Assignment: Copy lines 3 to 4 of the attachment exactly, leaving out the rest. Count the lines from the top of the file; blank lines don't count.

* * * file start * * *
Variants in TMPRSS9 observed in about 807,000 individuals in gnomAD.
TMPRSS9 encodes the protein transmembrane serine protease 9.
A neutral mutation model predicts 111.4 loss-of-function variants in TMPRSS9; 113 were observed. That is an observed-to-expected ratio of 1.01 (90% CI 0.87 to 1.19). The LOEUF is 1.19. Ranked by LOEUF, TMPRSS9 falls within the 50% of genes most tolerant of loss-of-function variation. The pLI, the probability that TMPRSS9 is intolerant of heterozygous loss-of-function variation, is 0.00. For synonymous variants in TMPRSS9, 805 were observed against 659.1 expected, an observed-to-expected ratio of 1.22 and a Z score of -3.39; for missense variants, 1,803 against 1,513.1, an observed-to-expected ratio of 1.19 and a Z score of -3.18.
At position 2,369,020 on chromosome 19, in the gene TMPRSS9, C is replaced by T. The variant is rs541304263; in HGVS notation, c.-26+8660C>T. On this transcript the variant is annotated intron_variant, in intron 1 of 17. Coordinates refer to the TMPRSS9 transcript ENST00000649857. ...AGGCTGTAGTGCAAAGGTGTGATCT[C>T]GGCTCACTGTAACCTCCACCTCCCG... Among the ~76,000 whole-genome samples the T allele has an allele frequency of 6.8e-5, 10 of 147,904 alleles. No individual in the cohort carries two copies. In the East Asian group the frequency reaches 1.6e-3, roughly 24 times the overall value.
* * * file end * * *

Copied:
A neutral mutation model predicts 111.4 loss-of-function variants in TMPRSS9; 113 were observed. That is an observed-to-expected ratio of 1.01 (90% CI 0.87 to 1.19). The LOEUF is 1.19. Ranked by LOEUF, TMPRSS9 falls within the 50% of genes most tolerant of loss-of-function variation. The pLI, the probability that TMPRSS9 is intolerant of heterozygous loss-of-function variation, is 0.00. For synonymous variants in TMPRSS9, 805 were observed against 659.1 expected, an observed-to-expected ratio of 1.22 and a Z score of -3.39; for missense variants, 1,803 against 1,513.1, an observed-to-expected ratio of 1.19 and a Z score of -3.18.
At position 2,369,020 on chromosome 19, in the gene TMPRSS9, C is replaced by T. The variant is rs541304263; in HGVS notation, c.-26+8660C>T. On this transcript the variant is annotated intron_variant, in intron 1 of 17. Coordinates refer to the TMPRSS9 transcript ENST00000649857. ...AGGCTGTAGTGCAAAGGTGTGATCT[C>T]GGCTCACTGTAACCTCCACCTCCCG... Among the ~76,000 whole-genome samples the T allele has an allele frequency of 6.8e-5, 10 of 147,904 alleles. No individual in the cohort carries two copies. In the East Asian group the frequency reaches 1.6e-3, roughly 24 times the overall value.